By BOB PADECKY
FOR THE PRESS DEMOCRAT
Go ahead, try. Try to put Tom Fitchie in a box. Try to define him neatly. Try to make Fitchie fit into one sentence. You’ll hurt yourself, is what you’ll do. You’ll be screaming for simplicity, for a description nice and tidy. You got a better chance of drinking water with a fork.
On one hand Fitchie was a veritable dust bunny on the sideline when he coached Montgomery basketball for 31 years until his retirement this season. He was moving here and there, punctuating the air with words you don’t say in church.
The wooden floor was a trampoline for him. Fitchie bounced up and down so much, it seemed he only came down for halftime. Face red, veins extending, Fitchie was a throbbing mass; grateful we all were he made it through another game without medical care.
On the other hand, remove Fitchie from the court and you’d want to place a mirror under his nose, to see if he was still breathing. His face, once contorted in a knot, now is expressionless. His voice didn’t rise above a whisper; “monotone” is how he describes it. He looked and sounded like one of those people at the DMV window, totally worn out by another face and another problem, eager to finish talking and move on to silence.
Tom, you appear to be very complicated.
“Can I be simple and complicated at the same time?” said the man who finished with a 562-338 career record, 10 North Bay League titles, four NCS championships and one state title game appearance.
Yes, you can and yes you are. When it comes to a character study, Fitchie is a doctoral thesis for anyone wanting to be a clinical psychologist. As Exhibit A, I give you Tom Fitchie and his relationship with basketball officials or, as I like to say, gasoline’s relationship with a match.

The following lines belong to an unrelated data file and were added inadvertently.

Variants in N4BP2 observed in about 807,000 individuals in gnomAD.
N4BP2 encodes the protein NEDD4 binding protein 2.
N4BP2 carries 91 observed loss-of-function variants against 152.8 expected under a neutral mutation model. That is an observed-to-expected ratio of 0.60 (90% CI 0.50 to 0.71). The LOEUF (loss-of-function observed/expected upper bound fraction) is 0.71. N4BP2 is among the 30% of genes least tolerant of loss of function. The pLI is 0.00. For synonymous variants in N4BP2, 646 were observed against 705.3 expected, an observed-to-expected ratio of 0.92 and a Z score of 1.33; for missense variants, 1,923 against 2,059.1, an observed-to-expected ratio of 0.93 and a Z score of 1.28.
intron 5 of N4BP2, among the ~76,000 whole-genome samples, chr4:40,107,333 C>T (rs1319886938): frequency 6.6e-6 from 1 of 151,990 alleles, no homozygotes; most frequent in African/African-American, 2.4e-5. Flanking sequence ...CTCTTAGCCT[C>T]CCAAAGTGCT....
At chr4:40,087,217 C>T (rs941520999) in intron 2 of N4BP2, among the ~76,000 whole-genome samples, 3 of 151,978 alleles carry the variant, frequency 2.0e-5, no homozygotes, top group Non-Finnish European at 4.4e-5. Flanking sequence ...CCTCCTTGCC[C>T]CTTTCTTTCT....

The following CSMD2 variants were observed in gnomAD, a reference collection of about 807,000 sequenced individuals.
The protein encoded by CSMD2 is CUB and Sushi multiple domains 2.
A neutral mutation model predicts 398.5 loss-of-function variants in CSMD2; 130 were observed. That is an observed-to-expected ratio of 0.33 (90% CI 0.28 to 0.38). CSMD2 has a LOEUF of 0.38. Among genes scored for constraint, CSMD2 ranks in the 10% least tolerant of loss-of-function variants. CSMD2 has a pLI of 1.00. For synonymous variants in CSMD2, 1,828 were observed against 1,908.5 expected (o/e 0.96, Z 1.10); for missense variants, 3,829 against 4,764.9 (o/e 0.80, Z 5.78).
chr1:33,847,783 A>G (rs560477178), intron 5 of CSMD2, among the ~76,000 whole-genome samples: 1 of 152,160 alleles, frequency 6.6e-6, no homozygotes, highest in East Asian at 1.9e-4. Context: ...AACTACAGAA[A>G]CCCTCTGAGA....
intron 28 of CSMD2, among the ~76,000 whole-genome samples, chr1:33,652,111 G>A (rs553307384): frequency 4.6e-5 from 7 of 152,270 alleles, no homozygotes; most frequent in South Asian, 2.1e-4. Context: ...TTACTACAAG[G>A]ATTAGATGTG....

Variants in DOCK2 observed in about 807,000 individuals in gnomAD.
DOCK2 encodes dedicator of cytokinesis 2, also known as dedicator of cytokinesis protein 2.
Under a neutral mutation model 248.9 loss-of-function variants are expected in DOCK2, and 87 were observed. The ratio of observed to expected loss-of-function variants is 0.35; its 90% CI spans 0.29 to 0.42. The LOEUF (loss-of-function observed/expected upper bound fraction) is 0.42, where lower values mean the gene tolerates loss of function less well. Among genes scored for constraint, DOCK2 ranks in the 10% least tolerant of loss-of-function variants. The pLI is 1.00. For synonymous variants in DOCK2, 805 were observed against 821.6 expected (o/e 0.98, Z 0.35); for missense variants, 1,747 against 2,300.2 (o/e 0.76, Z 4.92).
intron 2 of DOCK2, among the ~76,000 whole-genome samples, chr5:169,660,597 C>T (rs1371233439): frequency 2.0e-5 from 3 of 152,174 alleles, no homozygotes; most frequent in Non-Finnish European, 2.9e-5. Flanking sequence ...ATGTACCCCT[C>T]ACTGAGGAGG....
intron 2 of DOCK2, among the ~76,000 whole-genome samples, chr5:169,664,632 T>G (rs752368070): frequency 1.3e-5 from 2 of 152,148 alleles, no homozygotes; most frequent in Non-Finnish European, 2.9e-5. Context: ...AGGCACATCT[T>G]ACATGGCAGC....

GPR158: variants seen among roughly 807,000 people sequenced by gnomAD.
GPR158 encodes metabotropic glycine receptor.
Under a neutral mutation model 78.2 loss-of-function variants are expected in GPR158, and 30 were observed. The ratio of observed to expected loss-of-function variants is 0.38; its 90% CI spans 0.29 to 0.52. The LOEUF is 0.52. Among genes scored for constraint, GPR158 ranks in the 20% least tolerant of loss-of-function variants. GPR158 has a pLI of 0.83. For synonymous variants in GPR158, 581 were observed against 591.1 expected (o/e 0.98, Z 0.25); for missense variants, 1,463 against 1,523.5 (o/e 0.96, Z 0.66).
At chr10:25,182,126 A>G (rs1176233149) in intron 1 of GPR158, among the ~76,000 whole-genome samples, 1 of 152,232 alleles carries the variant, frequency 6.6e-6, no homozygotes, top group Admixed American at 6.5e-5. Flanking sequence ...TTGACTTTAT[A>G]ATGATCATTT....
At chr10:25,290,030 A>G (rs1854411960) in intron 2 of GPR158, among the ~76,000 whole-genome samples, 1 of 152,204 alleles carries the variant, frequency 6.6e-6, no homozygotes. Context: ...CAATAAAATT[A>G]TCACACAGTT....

On March 14, in his last game as Montgomery’s coach, Fitchie endured the Vikings’ 56-49 loss to Cosumnes Oaks in the CIF Division 2 state tournament. After the game, knowing this would be his last game, Fitchie walked up to an official.
“After 31 years,” Fitchie said, “I won’t miss crappy officials like you.”
As his longtime friend Tom Bonfigli, Cardinal Newman’s head coach, said about Fitchie, “Tom’s brutally honest.”
On the other hand — “on the other hand” is a phrase used quite frequently to describe Fitchie — he was asked if he had to do it all over again, what he would do differently as a high school basketball coach.
“I’d try to have a better relationship with the officials,” said Fitchie without pause.
Fitchie has standards, you see, and in his view basketball officials didn’t always live up to them. “For the first 20 years I did everything,” said Fitchie, cupping his hands together to emphasize the all-inconclusive statement. Without compromise, Fitchie demanded his kids play smart, play hard and play together. How he came to such a philosophy was simple in its origin.
It’s how he played and no one could question if that was a success.
“It’s been, what, 50 years since Tom Fitchie and Steve Tiedeman played?” said Russ Petrich, Fitchie’s coach at Montgomery. “It’s been that long and yet to this day players are still compared to them. It’s a shame there wasn’t a three-point line back then. Fitch would have had a great time with that. He was a great shooter.”